The old house stood as a sentry of
time. The sagging porch hadn’t welcomed
anyone for many years. Only the wind
broke the eerie silence surrounding the
house and the neighborhood. Inside, the
walls and ceilings were patched, the floorboards
worn and uneven.
As the woman looked on, a rat scurried
from under the door to a hole in the
cracked foundation. Soon bulldozers would
level this condemned area.
The woman pushed open the gate to the
backyard where one single rosebush, covered
with roses, bloomed expansively. She pulled
a few weeds, smelled the blooms, and smiled
to herself as she remembered planting
the bush. It had been here bit of
heaven, her only luxury, a precious moment
of which she thought of as a victory,
a spot of beauty in this slum.
Her home was just a shanty, but it
was her domain. She had spoken to
her rosebush, sharing ideas and stories of
ambitions and failures. She felt a closeness
seldom experienced for anything else around
Come the dawn she had no place to go.
Her few belonging could be placed in a
Her faded brown eyes filled with tears
that fell on the roses. She couldn’t even
take her rosebush-her one last joy. It was
doomed to be buried under the rumble.
The curse of poverty had pursued her
year after year and she had yielded to
despondency at times.
The one joy in her life would be gone,
now that the roof over her head would
be destroyed. Sudden burst of loneliness
overwhelmed her; She felt helpless and
forlorn. She lingered for a few moments,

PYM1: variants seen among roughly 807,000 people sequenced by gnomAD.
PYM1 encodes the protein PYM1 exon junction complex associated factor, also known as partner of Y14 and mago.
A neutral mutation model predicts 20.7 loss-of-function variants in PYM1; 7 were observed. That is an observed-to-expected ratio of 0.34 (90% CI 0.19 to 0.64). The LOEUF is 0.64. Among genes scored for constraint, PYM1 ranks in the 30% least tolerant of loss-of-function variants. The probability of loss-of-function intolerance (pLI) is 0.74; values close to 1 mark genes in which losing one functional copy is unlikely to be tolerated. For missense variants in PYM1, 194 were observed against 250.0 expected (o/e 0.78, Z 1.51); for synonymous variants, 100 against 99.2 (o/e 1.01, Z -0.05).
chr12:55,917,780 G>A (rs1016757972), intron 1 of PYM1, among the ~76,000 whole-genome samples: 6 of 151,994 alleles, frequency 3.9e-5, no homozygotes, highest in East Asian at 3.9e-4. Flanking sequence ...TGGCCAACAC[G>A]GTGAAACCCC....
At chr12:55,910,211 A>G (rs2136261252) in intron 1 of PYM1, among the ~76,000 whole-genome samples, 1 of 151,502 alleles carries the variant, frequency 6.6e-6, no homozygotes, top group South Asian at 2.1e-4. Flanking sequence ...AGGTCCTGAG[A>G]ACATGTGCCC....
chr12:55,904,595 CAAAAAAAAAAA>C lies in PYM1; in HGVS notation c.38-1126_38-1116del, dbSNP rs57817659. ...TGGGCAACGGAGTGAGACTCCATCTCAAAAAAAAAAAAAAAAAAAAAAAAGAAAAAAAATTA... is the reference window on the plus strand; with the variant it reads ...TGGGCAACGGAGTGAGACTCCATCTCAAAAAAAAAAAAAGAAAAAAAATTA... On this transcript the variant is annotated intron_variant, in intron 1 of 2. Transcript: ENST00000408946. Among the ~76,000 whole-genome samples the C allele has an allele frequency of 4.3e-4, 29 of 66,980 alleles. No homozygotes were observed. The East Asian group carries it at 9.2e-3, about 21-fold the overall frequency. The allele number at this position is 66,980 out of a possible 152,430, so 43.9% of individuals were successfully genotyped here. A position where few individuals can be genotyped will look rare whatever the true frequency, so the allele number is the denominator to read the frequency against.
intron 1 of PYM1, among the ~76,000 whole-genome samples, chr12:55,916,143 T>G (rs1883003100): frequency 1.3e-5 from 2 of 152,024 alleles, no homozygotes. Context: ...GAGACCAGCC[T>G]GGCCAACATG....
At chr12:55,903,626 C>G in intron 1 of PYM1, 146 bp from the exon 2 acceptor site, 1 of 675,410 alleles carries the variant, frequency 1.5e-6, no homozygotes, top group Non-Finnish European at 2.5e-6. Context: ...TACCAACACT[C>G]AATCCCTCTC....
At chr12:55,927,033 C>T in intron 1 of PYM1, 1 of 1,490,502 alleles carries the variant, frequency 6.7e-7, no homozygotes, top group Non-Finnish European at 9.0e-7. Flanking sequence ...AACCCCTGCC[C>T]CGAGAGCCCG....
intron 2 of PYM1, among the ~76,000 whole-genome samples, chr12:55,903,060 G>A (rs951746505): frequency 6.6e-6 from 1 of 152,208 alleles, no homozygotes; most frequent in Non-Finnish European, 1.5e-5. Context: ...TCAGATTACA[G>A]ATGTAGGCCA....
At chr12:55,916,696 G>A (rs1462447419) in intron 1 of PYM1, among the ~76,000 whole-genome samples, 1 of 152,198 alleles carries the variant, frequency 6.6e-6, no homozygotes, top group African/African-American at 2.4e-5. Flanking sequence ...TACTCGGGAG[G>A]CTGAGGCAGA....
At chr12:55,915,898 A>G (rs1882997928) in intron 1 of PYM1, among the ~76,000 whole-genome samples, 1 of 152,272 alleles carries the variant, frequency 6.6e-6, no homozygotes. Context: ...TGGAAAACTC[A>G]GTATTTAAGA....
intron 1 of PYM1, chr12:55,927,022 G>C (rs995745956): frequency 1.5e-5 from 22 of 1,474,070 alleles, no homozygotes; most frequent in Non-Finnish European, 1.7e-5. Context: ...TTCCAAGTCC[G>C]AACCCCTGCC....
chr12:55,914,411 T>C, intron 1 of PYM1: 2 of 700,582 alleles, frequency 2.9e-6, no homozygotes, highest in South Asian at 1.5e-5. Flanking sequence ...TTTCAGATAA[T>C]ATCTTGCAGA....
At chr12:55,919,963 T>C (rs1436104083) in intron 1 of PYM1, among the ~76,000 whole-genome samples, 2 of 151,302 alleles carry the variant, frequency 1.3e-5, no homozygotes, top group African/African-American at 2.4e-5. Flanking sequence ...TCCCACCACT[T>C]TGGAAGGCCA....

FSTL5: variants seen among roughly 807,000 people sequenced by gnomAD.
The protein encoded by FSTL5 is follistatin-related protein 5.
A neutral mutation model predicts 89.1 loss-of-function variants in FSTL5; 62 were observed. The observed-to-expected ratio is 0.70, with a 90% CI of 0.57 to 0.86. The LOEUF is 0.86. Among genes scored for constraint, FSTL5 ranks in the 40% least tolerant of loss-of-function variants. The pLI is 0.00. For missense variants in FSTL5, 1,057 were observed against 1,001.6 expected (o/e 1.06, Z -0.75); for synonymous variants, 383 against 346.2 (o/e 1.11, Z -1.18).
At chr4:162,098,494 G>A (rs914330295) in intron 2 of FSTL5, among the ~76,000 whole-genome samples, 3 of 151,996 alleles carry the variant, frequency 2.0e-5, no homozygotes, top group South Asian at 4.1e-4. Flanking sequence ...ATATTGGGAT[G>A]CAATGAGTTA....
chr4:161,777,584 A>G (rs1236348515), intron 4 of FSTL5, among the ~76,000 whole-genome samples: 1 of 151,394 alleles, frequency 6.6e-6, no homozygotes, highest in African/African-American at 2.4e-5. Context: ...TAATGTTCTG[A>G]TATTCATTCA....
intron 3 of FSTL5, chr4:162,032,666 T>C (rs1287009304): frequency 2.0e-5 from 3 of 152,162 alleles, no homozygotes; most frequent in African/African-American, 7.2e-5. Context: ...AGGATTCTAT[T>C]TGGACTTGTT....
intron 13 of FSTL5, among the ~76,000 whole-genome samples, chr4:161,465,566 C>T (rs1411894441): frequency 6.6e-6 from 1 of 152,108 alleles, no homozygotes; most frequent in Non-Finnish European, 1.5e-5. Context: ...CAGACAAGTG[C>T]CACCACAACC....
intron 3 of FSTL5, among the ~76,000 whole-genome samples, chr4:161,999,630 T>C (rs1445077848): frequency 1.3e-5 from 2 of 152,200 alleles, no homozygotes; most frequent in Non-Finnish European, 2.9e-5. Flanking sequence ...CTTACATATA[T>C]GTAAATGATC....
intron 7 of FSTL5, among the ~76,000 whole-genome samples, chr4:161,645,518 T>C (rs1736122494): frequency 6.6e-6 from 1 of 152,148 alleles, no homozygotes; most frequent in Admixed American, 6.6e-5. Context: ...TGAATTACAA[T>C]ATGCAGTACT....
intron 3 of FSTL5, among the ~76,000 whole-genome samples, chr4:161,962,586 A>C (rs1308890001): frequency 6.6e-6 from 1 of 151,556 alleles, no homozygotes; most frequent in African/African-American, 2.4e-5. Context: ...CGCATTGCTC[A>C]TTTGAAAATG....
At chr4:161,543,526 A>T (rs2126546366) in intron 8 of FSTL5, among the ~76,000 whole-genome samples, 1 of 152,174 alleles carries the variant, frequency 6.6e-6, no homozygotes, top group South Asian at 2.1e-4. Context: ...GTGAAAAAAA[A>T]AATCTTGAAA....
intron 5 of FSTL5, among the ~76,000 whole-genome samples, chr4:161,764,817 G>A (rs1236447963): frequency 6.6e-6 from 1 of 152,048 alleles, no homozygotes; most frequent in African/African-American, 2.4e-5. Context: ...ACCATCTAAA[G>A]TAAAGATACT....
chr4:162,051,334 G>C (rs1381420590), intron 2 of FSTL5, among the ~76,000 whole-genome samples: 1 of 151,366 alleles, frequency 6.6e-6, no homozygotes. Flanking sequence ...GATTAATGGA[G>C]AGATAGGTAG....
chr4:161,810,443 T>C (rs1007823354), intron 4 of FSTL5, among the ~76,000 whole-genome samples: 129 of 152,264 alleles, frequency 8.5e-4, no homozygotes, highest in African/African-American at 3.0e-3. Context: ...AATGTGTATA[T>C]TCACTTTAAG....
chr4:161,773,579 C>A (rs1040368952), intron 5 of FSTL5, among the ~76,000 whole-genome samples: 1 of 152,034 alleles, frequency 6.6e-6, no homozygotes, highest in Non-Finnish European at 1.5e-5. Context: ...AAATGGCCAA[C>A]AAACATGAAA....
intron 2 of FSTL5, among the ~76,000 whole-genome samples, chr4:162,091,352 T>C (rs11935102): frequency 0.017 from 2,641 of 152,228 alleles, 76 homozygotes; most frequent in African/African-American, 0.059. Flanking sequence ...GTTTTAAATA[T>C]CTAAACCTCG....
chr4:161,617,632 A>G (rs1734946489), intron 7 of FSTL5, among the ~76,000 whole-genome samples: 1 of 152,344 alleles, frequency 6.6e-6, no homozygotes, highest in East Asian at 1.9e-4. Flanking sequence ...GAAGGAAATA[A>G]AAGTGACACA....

fondly looking at the flowers and
inhaling their sweet smell.
The bulldozers came, rattling thier
iron tracks, pushing and leveling, tearing
down trees and houses. New owners and
old residents each thought they were
in the right. She wonder, “Does progress
justify the suffering it creates?” The
woman watched from afar as the rosebush
was crushed in the ground. Broken were
the stems, and broken was her heart. She
cried silent tears, with no one to lend a
helping hand, no one to want her.
Why couldn’t they restore and repair, and
ease a few lives, she thought. As she slowly
turned around clutching her bag to her
chest, she smelled the bloom she taken with her
the spicy fragrance still lingering. In her helplessness
she clenched and shook her small fist at the workers,
her only way of coping.
To her they were unknown people, humans
in inhuman ways. Reality did not compromise
to fit her needs and her and her aching heart. They
didn’t care. What’s a rosebush and a tree
to “progress” She wondered if they
would ever learn that newer and modern
weren’t necessarily better.
A year past and the woman survived. Her
faith had faltered but survival made her
able to endure. One day in June, she
wandered past the old site, five-story
apartment buildings, structured with concrete,
submerged the old and broken neighborhood.
It looked impressive was all she could think.
This was the power of progress, not a
tree in sight! She wasn’t educated , but
knew that trees moderate temperatures,
absorb noise, and increase atmospheric moisture.
Yes, and she knew. Having reached the
long endeavor, she found exactly
where her house stood. She knew the block
from one end to the other. In the old day
she would sometimes walked the path, to surprised herself.
There in all of it its glory and splendor, was the rosebush!
Bigger and more beautiful than ever, it was leaning
against a tall privacy fence.
She mused at the stories this bush could tell. It had the
ability to pierce the earth with a single shoot and
bring perfection and beauty once again.
Like herself, it had endured; stoutly set, just
just waiting to burst forth after
sunshine and God-given rain.
Gratitude touched her heart. Her sparse
dark brown hair was tossed by summer
wind as she shook her head in wonder, and
in her eyes a spark of of joy set her painful
memory free forever free. The beauty of the
rosebush welcomed her. She felt peaceful
at the sight of both hope and life. Some things
are meant to be. She felt a kinship with the rosebush.